Brichford, Maynard, Robert Sutton, Dennis Walle, Manuscripts Guide to Collections at the University of Illinois at Urbana-Champaign. Urbana: University of Illinois Press, 1976.

Brichford, Maynard, comp., Avery Brundage Collection. Schorndorf bei Stuttgart: Karl Hofmann, 1977.

Brichford, Maynard and Ann Gilliland comps., Guide to the American Library Association Archives Chicago: American Library Association, 1987.

Brichford, Maynard and William Maher, comps., Guide to the University Archives. Urbana: Library, 1986.

Maher, William, “The Illini Archives in the 1980s,” Illinois Libraries 69 (October 1987): 584-587.

Maher, William, “The Illini Archives; a laboratory for retrospective research,” Illinois Libraries 63 (March 1981): 269-274.

Maher, William and Maynard Brichford, “University Archives, University of Illinois at Urbana-Champaign,” Institutional Spotlight, MAC Newsletter 11:2 (October, 1983): 17-18.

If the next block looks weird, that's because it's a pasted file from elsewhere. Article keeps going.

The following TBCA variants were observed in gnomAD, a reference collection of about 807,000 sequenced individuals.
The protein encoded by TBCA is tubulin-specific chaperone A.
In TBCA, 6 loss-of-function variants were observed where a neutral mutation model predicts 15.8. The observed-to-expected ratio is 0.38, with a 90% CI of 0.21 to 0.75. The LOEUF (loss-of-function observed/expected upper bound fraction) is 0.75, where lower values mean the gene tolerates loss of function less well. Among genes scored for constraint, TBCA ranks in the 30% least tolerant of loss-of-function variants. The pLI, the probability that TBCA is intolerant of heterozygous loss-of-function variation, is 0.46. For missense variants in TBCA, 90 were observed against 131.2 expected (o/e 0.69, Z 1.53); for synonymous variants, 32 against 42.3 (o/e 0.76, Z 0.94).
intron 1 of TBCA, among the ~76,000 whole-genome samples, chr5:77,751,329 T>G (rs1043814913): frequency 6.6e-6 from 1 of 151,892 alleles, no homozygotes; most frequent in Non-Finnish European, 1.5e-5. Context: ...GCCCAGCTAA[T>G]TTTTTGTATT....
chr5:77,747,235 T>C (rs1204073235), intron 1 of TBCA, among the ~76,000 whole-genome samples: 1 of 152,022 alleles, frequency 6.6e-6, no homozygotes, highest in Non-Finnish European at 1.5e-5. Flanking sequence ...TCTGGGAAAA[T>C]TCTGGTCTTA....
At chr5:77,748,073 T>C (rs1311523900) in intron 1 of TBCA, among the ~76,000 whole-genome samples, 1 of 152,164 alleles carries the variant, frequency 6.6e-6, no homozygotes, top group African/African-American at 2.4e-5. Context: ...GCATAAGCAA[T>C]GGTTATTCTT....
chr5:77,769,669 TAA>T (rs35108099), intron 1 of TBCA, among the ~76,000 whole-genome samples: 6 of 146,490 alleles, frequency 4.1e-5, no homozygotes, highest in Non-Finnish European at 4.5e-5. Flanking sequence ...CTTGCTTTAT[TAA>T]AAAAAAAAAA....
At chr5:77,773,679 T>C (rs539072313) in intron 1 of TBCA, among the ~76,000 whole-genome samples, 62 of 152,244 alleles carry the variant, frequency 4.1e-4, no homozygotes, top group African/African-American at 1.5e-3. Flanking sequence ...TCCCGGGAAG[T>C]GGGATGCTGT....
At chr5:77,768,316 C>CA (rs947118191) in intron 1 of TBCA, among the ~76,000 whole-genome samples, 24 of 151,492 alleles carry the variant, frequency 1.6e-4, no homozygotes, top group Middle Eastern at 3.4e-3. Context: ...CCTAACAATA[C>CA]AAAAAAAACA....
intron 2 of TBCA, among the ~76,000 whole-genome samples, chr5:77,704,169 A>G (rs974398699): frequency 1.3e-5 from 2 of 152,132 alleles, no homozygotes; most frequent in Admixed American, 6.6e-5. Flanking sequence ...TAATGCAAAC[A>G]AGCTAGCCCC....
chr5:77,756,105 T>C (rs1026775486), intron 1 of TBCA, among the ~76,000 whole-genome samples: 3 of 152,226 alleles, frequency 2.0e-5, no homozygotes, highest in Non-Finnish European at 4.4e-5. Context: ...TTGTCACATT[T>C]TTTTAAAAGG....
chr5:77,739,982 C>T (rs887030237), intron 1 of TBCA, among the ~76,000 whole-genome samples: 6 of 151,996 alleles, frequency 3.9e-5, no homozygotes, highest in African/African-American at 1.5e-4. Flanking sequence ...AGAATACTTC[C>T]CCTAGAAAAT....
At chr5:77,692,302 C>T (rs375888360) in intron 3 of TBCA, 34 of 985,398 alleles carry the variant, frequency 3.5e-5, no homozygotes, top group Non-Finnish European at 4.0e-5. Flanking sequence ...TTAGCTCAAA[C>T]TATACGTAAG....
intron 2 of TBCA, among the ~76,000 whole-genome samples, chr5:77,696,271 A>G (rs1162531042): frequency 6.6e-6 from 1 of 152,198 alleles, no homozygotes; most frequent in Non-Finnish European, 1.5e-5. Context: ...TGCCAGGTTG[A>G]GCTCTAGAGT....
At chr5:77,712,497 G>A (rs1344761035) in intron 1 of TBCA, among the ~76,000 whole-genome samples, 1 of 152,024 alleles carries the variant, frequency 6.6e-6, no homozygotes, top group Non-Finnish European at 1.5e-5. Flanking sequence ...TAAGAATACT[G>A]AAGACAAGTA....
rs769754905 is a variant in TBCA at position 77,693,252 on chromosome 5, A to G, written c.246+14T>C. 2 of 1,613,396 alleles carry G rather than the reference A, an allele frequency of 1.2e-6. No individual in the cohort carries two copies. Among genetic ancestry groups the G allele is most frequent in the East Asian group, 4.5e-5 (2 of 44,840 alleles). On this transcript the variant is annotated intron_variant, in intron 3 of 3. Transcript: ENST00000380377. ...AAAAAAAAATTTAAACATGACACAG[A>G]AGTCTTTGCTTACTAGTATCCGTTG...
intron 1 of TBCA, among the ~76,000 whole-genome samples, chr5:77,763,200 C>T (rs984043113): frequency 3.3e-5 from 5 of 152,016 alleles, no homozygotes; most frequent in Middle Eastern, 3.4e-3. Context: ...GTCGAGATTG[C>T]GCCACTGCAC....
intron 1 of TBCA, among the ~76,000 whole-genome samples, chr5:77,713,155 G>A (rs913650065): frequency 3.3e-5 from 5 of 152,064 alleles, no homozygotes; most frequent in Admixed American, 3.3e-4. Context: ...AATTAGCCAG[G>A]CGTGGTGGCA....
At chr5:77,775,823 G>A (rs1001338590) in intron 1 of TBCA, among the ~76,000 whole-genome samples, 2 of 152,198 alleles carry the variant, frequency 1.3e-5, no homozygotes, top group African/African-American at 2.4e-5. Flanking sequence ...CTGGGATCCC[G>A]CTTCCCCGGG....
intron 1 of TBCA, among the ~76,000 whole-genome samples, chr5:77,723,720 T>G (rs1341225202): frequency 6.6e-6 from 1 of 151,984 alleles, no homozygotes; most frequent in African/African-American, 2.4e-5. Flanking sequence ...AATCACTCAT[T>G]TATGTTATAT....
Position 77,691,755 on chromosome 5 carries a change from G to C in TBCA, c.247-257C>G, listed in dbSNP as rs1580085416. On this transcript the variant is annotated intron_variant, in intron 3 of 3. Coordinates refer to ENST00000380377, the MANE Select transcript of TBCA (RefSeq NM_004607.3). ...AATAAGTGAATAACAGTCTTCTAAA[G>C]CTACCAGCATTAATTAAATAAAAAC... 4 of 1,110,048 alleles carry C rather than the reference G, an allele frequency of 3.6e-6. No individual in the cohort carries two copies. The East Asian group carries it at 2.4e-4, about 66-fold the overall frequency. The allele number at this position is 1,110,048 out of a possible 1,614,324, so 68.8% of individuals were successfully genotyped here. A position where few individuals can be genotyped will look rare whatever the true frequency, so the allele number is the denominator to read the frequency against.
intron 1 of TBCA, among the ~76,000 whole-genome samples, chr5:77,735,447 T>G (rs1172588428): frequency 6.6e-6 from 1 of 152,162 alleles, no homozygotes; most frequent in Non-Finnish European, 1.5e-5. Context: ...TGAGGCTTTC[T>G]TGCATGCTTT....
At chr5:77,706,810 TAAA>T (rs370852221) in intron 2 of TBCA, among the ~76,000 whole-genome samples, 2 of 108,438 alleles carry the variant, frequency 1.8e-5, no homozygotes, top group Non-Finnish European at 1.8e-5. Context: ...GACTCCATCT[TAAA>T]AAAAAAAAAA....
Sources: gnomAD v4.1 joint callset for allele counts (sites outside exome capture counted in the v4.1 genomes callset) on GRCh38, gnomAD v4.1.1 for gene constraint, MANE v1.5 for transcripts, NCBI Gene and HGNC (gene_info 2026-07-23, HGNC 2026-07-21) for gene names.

II. General Collection Guidelines

A. Languages: Collecting decisions are not made according to language. The Archives are primarily in English, although there are substantial volumes of Spanish and Russian materials.

B. Chronological Guidelines: No restrictions.

C. Geographical Guidelines: No restrictions.

D. Treatment of Subject: The Archives holds materials to meet long and short term research needs on subjects of interest to University of Illinois faculty, staff and students.